Shooting Bufori cars on the Canon 7D

I usually shoot news and long feature pieces, but sometimes I get the chance to shoot something different. Bufori is a custom car company that hand makes luxury saloons and sports cars. They unveiled their brand new Bufori “Geneva” at the 80th Geneva International Motor Show and approached me about making a short film to showcase it, to be shown on various screens at the show. I decided to shoot this on my Canon 7D and also used three GoPro Hero Cams. In the old days I would have had to take a big broadcast camera and all the accessories to shoot something like this. Now I can take a much smaller DSLR camera, a few lenses and accomplish what you could only dream about a few years ago.

Bufori Geneva from Matthew Allard on Vimeo.

I shot both stills and a video for the company that were played on screens at the motor show. I decided to shoot the video on my Canon 7D using the following lenses – Canon 16-35mm f2.8, Canon 50mm f1.2 and a Tokina 11-16mm f2.8. For the on-board driving shots I utilized the GoPro HD Hero cams mounted on various parts of the car. I do have mounts and arms to put a full size DSLR on a car but decided against it (better to risk a $300 camera as opposed to a $1700 one!).

A GoPro HD ready to go

A GoPro HD ready to go

Inside the factory I shot various parts being manufactured and tried to concentrate on the detail of having almost every component made by hand. I cannot stress enough the importance of using good, fast glass when you shoot. Don’t let anyone tell you that it doesn’t matter as much which lenses you use when you’re shooting video, because it does. Would you put cheap tires on a Ferrari? In most cases you get what you pay for. My Canon 50mm f1.2 cost more than my camera but is worth every cent – the difference between the F1.2 and F1.4 is huge. My advice is to buy the most expensive lenses you can afford on your budget.

Dolly and 7D rig in action

Dolly and 7D rig in action

For the shots of the car inside the factory I also utilized a broadcast jib and dolly. The Genus adapter plate is a fantastic piece of kit; it enables me to put my 7D straight onto my broadcast tripod or jib so you get rock-solid movement. I also used two Litepanels 1×1 LED lights to illuminate the car. I actually needed more light than I had but time constraints and the fact that I was doing this alone limited my options. The 7D was an absolute joy to use. It enabled me to work in low light with a small depth of field that allowed me to show incredible detail. I would not have been able to use a broadcast camera when shooting in the factory unless I used excessive light, something I try to stay away from.

7D ringlight rig

7D ringlight rig

For the outside shots of the car I found a small road that had lots of twists and turns and plenty of character. By setting up in a variety of spots I was able to get plenty of different angles of the car without having to move around a lot. This was the first shoot that I used the Zacuto Z-Finder on. It is brilliant, but having said that I’m still waiting for someone to come out with an adjustable viewfinder so you can use it in whatever position you like. Coming from a broadcast background, I’m used to using cameras with viewfinders that move up and down so you can see what you’re doing regardless of where you put the camera. Someone needs to come up with one or take a leaf out of Sony’s Alpha range of DSLRs that have a moveable LCD screen on the back (are you listening Canon?). I spent a lot of time lying on the ground in the middle of the road to get some of the angles O wanted.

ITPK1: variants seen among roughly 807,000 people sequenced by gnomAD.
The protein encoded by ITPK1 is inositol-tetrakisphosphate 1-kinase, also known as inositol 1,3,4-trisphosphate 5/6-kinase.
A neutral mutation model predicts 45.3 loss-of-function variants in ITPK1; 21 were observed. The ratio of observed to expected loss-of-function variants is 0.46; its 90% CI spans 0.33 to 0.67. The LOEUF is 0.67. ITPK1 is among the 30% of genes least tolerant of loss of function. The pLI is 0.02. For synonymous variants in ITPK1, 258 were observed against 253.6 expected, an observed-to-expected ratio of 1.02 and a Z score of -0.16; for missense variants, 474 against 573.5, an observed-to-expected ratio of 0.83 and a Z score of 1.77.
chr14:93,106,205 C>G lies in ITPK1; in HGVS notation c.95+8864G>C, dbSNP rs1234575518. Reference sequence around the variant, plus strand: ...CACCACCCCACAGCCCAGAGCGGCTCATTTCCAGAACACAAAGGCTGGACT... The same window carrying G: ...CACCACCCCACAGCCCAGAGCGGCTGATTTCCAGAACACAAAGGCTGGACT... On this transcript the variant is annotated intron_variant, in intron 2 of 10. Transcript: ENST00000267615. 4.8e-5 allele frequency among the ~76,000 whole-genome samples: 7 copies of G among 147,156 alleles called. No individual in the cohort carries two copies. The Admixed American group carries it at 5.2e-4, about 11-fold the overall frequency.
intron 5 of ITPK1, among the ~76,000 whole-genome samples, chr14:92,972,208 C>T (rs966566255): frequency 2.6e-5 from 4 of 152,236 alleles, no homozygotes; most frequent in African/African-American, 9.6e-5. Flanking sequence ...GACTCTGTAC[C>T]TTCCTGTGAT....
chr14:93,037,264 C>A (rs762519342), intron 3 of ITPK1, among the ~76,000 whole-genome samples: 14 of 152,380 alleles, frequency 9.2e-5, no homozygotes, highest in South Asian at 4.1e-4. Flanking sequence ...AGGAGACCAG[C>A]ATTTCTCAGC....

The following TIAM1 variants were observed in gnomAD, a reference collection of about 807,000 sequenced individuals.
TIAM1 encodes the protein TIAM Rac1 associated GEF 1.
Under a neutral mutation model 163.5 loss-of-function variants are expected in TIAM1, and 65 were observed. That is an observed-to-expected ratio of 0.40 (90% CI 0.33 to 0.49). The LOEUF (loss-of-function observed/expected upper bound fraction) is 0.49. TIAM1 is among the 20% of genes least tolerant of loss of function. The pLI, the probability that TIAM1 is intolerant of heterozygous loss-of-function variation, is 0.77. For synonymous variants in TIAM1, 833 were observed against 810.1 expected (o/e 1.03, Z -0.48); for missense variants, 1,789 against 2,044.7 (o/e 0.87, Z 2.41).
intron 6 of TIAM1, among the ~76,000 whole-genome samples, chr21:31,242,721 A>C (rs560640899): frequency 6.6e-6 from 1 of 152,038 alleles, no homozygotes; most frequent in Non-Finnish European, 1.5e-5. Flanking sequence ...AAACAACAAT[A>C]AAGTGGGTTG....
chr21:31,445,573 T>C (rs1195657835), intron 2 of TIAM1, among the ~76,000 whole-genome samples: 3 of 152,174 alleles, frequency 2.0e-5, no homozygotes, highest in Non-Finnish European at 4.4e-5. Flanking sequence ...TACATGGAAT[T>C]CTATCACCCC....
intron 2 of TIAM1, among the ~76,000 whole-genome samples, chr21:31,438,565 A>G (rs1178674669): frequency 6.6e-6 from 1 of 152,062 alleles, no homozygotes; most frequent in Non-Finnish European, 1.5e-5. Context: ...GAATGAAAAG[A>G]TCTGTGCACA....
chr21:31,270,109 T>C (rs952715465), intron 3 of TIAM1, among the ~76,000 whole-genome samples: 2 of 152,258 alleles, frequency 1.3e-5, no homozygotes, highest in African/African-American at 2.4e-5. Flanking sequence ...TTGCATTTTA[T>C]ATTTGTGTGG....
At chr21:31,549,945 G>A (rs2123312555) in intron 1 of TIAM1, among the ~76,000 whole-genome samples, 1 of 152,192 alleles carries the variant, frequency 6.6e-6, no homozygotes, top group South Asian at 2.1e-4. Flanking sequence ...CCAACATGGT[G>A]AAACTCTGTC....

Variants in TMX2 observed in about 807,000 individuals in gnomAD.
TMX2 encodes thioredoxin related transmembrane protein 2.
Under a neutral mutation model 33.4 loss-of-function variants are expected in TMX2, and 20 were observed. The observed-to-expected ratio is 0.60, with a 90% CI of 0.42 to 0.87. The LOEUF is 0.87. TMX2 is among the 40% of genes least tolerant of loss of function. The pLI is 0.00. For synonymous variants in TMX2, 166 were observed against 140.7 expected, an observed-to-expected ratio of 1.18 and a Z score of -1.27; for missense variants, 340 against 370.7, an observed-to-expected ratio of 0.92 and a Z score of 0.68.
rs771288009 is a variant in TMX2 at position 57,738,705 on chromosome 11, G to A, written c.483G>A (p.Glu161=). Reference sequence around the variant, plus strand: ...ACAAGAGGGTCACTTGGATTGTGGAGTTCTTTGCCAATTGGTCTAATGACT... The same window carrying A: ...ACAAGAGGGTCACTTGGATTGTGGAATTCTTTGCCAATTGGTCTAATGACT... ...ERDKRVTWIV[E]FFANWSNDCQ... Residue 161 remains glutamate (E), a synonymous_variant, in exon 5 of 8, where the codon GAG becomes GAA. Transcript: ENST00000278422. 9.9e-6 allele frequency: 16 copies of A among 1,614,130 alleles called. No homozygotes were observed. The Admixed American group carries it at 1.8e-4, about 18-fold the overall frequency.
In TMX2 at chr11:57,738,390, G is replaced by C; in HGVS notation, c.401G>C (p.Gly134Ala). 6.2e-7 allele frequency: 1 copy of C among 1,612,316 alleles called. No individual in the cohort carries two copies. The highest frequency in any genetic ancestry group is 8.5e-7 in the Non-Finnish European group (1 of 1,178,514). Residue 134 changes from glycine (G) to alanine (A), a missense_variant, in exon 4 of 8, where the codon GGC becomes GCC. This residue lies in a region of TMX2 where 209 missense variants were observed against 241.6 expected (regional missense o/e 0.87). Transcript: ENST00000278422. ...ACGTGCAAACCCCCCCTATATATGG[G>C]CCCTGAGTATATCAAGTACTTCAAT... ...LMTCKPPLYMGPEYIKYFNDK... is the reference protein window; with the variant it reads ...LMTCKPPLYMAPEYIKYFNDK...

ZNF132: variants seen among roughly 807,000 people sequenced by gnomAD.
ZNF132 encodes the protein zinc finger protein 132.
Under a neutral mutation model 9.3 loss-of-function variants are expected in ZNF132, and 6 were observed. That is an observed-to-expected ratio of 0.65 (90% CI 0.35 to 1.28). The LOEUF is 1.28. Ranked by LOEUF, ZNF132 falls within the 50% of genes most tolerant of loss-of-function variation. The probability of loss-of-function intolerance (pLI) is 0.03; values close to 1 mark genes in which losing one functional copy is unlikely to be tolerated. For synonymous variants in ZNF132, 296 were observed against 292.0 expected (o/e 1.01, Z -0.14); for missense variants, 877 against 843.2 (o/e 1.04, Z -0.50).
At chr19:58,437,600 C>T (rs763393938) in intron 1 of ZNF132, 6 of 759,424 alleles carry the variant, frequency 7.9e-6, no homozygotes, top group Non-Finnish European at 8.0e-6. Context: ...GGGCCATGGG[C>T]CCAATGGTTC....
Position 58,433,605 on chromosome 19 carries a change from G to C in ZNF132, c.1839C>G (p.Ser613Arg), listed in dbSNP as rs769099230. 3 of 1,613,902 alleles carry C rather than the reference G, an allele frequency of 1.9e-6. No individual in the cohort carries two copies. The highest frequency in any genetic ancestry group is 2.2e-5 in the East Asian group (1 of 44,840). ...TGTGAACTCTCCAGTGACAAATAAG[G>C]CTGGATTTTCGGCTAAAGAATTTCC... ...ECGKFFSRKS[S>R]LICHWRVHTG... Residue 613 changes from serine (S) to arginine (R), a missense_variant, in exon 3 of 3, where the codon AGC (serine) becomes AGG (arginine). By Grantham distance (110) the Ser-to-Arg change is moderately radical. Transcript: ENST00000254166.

No matter how much I use the 7D, I’m continually blown away by the quality of the images. The DSLR has revolutionized the way I work. While it is not suitable for everything, it gives me a very useful addition to my arsenal of different cameras that I use on a daily basis.

Apart from the Hero cam vision all material is ungraded and shot on the standard camera settings. The entire video was shot in less than one day and I’d like to say thank you to Lee Ali, Mark Phillips and Felix Haller for all their help.


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Posted on March 7th, 2010 by Matthew Allard | Category: Canon Eos7D, DSLR video news |

22 responses to "Shooting Bufori cars on the Canon 7D"

  1. miguel Says:
    March 8th, 2010 at 4:51 am

    Did you shot 30p to match the Hero frame rate?

  2. Matthew Allard Says:
    March 8th, 2010 at 7:08 am

    Hi Miguel,

    All the 7D material was shot in 720p 50fps. I converted the Hero Cam material to ProRes 422 and then put it on a 720p timeline. Apparently there will be a firmware update for the HD Hero Cams that will allow different frame rates……just like the 5D :)

  3. Dieter Depypere Says:
    March 9th, 2010 at 1:50 am

    Great stuff Matthew. You and Dan are luring another broadcast EFP cameraman into the HDSLR era. Keep up the good work!

  4. wedding limo Says:
    March 10th, 2010 at 7:03 am

    This car is for the gods. He’s such a luxury. Each wedding dream.

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